Ontario First Nations Point-of-Sale Exemption Survey (OFNPES)
Detailed information for 2015
The objective of the survey is to collect information on the Ontario First Nations point-of-sale exemption.
Data release - September 26, 2016
The objective of this survey is to collect information on the Ontario First Nations point-of-sale exemption offered by enterprises in Ontario. These data are part of the information used by the Ontario Ministry of Finance and Finance Canada to determine the allocation of the Ontario HST revenue between the provincial and federal governments.
Reference period: Calendar year
- Business, consumer and property services
- Revenue and expenditures
Data sources and methodology
The target population includes enterprises in Canada with operations in Ontario which have total revenue of at least $1,000,000, have at least 1 employee, and which are classified according to the North American Industry Classification System (NAICS) 2012 in industries known to provide the Ontario First Nations point-of-sale exemption. These industries (NAICS) include: 23, 32, 41, 44, 45, 517, 522, 523, 54, 55, 81, 91 and exclude: 237, 322, 323, 324, 327, 411, 412, 419, 522, 551, 911, 912, 919. The observed population for the 2016 iteration of this survey included 50480 enterprises extracted from the Business Register.
The Ontario First Nations Point-of-Sale Exemption Survey questionnaire was designed in cooperation with the Ontario Ministry of Finance and Statistics Canada's Harmonized Sales Tax (HST) Secretariat. It is used to collect information on the value of the First Nations point-of-sale exemption.
The questionnaire has been field-tested with potential respondents and their comments on the design and content have been incorporated.
This is a sample survey with a cross-sectional design.
The Business Register is used to create the survey frame. The statistical unit is the enterprise.
This is a sample survey. A first stratification of the frame was determined by dividing it into 2 strata: the units for which we know from previous information that they offered the exemption versus those that did not offer or that we do not know if they do.
For the stratum of enterprises which offer the exemption, the Lavallée-Hidirouglou method was used for the stratification and for sample allocation. A sample of 376 enterprises was allocated for that stratum.
For the stratum of enterprises which offered no exemption or which we do not know if they offered it, 4 strata were created based on a combination of industry, size and geography (postal code). The sample was allocated to the 4 strata in proportion to the expected exemption within each stratum. The expected exemption was estimated from the results of the last iteration of the survey. A sample of 3,625 enterprises was allocated to this stratum.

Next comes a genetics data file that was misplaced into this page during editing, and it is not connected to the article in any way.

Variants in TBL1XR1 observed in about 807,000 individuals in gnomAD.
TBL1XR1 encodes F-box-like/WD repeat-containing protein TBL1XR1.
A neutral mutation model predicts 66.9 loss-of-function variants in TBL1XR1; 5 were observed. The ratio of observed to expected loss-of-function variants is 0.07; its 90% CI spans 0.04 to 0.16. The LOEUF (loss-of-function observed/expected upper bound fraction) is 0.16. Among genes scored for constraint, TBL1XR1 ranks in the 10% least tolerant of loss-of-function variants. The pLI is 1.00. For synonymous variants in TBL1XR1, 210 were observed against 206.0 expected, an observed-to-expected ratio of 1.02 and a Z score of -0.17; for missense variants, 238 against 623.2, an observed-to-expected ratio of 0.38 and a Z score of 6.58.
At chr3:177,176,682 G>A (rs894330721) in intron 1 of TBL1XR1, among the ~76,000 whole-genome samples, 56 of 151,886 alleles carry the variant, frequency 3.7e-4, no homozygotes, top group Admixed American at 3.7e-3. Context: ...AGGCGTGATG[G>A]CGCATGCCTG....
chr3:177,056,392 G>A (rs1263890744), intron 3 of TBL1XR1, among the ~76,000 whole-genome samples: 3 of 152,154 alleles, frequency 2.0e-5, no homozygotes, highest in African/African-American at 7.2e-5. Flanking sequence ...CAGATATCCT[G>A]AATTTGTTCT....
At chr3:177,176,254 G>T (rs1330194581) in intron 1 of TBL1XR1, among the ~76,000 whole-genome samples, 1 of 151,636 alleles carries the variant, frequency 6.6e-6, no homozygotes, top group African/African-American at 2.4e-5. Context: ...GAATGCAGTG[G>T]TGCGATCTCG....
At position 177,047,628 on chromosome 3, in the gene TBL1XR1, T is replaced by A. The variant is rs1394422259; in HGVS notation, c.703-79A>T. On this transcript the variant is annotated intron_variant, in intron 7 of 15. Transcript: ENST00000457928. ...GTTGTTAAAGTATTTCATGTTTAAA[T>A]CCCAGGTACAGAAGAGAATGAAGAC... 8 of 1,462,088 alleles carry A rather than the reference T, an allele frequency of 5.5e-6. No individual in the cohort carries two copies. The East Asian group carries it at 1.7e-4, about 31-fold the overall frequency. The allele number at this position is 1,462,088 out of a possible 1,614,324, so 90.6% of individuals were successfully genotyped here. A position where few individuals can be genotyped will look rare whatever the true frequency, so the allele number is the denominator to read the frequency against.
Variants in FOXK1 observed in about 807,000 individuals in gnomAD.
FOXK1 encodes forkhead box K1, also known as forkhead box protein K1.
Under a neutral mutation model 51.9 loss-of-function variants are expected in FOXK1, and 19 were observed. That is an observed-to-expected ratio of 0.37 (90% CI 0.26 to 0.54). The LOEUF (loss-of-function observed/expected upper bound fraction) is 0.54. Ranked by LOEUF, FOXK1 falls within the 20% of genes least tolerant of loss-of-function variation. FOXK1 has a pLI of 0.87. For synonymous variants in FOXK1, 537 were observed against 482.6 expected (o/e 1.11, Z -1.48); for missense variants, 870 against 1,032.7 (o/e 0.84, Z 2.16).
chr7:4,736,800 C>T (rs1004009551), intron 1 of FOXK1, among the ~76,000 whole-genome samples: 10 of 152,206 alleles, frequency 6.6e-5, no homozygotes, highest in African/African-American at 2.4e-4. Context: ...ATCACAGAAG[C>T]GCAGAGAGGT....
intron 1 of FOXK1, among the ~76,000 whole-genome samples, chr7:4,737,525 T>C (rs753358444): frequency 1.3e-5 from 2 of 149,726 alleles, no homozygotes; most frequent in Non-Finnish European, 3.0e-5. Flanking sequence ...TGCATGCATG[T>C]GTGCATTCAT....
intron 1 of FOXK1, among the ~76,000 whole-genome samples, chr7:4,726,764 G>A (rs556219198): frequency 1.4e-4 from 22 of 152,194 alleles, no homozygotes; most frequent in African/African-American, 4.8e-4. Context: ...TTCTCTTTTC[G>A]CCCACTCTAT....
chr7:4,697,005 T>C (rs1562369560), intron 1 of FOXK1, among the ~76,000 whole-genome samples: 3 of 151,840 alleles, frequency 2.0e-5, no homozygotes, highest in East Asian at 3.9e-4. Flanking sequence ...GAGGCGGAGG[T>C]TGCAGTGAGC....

A total sample of 4,001 enterprises was selected. All enterprises were selected randomly within each stratum.
Data collection for this reference period: 2016-04-11 to 2016-06-30
Responding to this survey is mandatory.
Data are collected directly from survey respondents.
The respondent is mailed or emailed a secure access code to respond to the electronic questionnaire.
View the Questionnaire(s) and reporting guide(s) .
Error detection is an integral part of both collection and data processing activities. Automated edits were applied to data records during collection to identify capture and reporting errors.
Prior to imputation, the collected micro data were compared with rebate data collected by Canada Revenue Agency (CRA), revenue data from the Statistics Canada Business Register (BR), and data from the previous iteration of the survey in order to identify and resolve errors, inconsistencies and outliers.
Imputation is used to determine plausible values for all variables that are missing or are inconsistent with the collected data and which could not be resolved through editing. For certain variables, donor imputation based on the nearest neighbor method was used. When there was rebate data from CRA or revenue from the BR which could be used to match up a respondent (donor) and the record requiring imputation (recipient), ratio imputation was used to impute the missing rebate data for the recipient.
The imputation is done using the generalized system Banff.
A complete file of weighted micro data was created for all sampled enterprises in the survey population for which data were reported or imputed. Weights were adjusted by a factor to account for total non-response so that the final estimates would be representative of the entire survey population. Weighted estimates were produced using the Generalized System of Estimation (GES).
The survey estimate was compared with rebate information collected by the Canada Revenue Agency and data from the previous iteration of the survey.
Statistics Canada is prohibited by law from releasing any information it collects which could identify any person, business, or organization, unless consent has been given by the respondent or as permitted by the Statistics Act. Various confidentiality rules are applied to all data that are released or published to prevent the publication or disclosure of any information deemed confidential. If necessary, data are suppressed to prevent direct or residual disclosure of identifiable data.
Revisions and seasonal adjustment
This methodology type does not apply to this statistical program.
The data accuracy indicator used for the Ontario First Nations Point-of-Sale Rebate Survey estimate is the coefficient of variation. The coefficient of variation is the standard error expressed as a percentage of the estimate. The standard error is a commonly used statistical measure indicating the error of an estimate associated with sampling and with adjustments made because of complete non-response.
The response rate for the surveyed portion of the target population was 86.7%.
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